The solution to the creepy Yoruba disadvantage in Lagos is not in threatening the Igbo with war. That is an ill wind; it will destroy every roof. The successive Yoruba governments in Lagos created the problem; the solution is, therefore, in the belly of the problem. Governments in that state have over the years used state powers to promote the disadvantage of the Yoruba who live(d) there. Has the Lagos State government and its ‘progressive’ political party asked why people sell properties in the Centre of Excellence and move to rustic, neighbouring rural Ogun State to build and live? Multiple taxation and other policies that kill have done enough to chase away people without financial taproots. Tejuoso Market is in Yaba. It used to be controlled by the Yoruba. It got burnt and was rebuilt by a Lagos State government developer who sold the stalls there to the highest bidders. Eighty percent of the traders there today are Igbo. Can you tell these people to shut up after selling to them that which gives you the advantage over them? They will point at the constitution and their rights as Nigerians under the law.
Lagos is forever viable, metropolitan and successful not just because of its coastal assets and its huge population. Its diversity and rainbow demographics are its greatest allure. Someone said an enumeration of the Igbo population in Lagos today would alarm the original owners. But it wasn’t like that at the beginning. The 1963 census put the population of the Yoruba in Lagos at 465,406 (72.2%); Igbo, 99,638 (15.46%); Edo, 20,450 (3.17%) and Hausa, 13,225 (2.05%)- (see Okpala, 1977). One of the ethnic groups with the smallest numbers of people in Lagos at that time was Ogoni. It had 65 people (0.001%). Today, the percentages are being progressively altered by many factors, including Nigeria’s failure as a state – no thanks to policies that daily set fire to the forest of the rural poor and demolish the stalls of the urban low. What are the figures today? We cannot know; we can only guess because Nigeria’s other name is confusion. We may not have Lagos’s current population figure but we remember that the total number of registered voters there is 7,060,195. What is the percentage of the non-Yoruba in that total? Even a huge chunk of the Yoruba in the voting population has bolted from the spell of exploitative ethnicity. They are no longer ready for a sleep on the mat that has persistently raped them. And, you know, despite the fact that only a small fraction of the population came out to vote on February 25, the ‘owners’ are still stuck in the loo, having a running stomach. What would have happened if all the ‘rebels’ had marched out to the polling booth that bad day?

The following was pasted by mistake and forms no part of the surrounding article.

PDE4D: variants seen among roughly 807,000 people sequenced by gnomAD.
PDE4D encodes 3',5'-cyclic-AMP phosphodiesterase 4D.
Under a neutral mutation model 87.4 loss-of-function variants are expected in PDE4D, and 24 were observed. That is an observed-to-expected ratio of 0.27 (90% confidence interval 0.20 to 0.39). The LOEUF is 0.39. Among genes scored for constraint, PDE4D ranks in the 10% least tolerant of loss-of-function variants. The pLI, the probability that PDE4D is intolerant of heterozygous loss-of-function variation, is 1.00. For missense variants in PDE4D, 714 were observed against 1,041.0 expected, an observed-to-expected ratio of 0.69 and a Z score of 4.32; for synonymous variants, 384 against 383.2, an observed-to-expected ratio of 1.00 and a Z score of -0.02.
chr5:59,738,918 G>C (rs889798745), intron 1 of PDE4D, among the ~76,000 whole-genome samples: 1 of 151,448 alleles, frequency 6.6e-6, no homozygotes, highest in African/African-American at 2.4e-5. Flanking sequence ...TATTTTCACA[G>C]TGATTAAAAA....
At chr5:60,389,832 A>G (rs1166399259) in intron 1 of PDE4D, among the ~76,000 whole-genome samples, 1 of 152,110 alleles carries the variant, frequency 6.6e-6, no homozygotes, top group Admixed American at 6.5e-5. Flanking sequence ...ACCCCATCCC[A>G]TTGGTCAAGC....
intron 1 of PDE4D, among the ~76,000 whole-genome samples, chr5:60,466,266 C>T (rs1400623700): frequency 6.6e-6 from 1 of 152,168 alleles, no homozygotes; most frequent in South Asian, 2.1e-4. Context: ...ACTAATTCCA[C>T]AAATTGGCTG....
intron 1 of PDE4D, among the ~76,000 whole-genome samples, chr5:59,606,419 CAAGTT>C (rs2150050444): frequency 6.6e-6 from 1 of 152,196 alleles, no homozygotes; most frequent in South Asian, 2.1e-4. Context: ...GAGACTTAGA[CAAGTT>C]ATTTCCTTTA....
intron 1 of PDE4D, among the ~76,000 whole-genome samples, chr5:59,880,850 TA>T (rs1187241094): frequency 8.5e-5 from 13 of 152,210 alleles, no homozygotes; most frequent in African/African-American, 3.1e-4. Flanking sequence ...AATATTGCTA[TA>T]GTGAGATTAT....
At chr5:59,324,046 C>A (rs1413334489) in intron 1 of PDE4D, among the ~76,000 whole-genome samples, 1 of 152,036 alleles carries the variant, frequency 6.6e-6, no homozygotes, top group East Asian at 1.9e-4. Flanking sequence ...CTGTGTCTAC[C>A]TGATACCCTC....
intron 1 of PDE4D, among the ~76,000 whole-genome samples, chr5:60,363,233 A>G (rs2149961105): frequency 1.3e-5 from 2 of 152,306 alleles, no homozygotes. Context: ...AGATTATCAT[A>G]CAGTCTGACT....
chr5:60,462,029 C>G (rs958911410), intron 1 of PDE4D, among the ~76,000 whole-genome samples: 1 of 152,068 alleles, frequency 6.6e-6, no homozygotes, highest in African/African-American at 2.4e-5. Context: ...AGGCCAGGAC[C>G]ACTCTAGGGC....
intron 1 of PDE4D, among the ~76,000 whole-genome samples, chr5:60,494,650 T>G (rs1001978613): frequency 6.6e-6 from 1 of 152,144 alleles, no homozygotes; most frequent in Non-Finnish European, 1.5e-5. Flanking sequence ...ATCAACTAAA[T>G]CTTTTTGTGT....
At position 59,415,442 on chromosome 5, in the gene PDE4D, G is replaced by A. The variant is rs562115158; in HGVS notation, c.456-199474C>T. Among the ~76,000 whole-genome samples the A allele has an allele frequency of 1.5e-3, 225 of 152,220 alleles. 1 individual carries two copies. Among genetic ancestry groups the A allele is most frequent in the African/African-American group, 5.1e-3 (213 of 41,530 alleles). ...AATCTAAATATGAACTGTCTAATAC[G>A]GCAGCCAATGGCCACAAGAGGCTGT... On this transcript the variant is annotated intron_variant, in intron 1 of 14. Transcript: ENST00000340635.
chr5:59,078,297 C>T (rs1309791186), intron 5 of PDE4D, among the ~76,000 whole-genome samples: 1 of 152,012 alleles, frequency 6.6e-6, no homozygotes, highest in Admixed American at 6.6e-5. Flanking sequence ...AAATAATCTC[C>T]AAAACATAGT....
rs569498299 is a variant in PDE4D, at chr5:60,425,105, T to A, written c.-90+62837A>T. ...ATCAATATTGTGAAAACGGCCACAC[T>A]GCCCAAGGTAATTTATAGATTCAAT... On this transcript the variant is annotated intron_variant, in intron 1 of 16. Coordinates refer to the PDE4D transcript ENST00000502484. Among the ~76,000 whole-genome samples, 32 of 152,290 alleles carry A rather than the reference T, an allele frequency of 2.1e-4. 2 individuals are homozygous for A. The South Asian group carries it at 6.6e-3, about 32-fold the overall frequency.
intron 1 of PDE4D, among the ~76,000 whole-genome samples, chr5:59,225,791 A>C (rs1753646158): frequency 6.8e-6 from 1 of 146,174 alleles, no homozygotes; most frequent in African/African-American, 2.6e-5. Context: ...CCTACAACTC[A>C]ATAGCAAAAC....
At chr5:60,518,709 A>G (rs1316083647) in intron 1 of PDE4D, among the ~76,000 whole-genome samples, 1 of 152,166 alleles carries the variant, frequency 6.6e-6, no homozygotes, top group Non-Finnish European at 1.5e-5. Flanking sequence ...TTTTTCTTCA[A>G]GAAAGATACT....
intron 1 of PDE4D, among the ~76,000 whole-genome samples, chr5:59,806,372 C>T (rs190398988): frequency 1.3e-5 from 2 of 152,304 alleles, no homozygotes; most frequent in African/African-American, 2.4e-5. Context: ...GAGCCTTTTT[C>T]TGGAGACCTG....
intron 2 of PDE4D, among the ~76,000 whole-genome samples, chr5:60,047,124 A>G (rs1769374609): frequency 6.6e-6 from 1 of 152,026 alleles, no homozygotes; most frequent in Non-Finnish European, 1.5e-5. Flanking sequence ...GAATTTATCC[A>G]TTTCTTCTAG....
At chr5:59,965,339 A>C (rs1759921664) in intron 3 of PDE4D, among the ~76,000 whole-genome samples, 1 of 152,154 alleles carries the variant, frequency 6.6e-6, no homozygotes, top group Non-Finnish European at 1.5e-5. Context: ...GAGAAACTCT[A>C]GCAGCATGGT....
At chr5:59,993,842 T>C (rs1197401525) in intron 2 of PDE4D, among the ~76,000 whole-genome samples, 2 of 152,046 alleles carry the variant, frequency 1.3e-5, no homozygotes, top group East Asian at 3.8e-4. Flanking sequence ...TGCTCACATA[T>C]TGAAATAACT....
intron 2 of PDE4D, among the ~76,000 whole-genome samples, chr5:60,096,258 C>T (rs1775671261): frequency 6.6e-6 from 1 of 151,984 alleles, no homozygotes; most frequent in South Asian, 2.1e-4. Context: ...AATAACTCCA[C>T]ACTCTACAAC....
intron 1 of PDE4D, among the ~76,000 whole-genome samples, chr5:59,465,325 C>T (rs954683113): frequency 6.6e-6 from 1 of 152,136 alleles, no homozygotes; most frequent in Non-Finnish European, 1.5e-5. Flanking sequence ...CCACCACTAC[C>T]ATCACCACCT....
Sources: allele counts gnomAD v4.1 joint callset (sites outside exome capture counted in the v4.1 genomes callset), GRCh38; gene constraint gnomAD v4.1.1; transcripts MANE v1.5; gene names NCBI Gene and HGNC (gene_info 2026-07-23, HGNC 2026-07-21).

Over the years, the clan that rules Lagos has indulged in what Andrew Szasz describes in ‘Political Anesthesia’ as “inverted quarantine” – they insulate themselves from the evil they knead while throwing the mass into the mud of misery. It should be very clear to them now that Igbo people are not their only worry in Lagos. Why did the APC lose Shomolu where the Igbo are not up to 30 percent? I know that question has been asked and is being answered by the wise in Lagos APC. It is refreshing to see damage control moves being made by the clan that has its headquarters in Bourdillon, Ikoyi. They are begging and crouching where necessary. That is what the Labour Party hurricane of February 25 has achieved for the Lagos voter. He is no longer taken for granted by potentates who knighted street boys to win elections. But, someone said it is the hunger of the present that has humbled the glutton. People who want to buy èbà on credit are always meek and gentle; they become husbands of their saviours after the meal. I hope the penitence is genuine. I hope it won’t be worse now that they have the presidency. Droplets of triumphal arrogance could be seen in the phlegm of the victorious political tendency. Some among them are saying that no Yoruba freeborn would not rejoice at Tinubu’s victory. And you know what the opposite of freeborn is? Omo erú – slaves; omo àlè – bastards. But they are wrong. It is no longer business as usual – very profuse thanks to the Yoruba young men and women who have said enough is enough. I told a friend that Tinubu’s presidency will achieve one cardinal thing for his Àwa l’ókàn race. It will lull them into Shakespeare’s “sleep of death.” It will happen unless they learn and genuinely shake off the arrogance of their invincibility. Remember, they over-ate; they over-slept; and they lost the streets, their prime possession. Mustafa Kemal Ataturk, the founding father of the Republic of Turkey, said “sleeping nations either die or wake up as slaves.”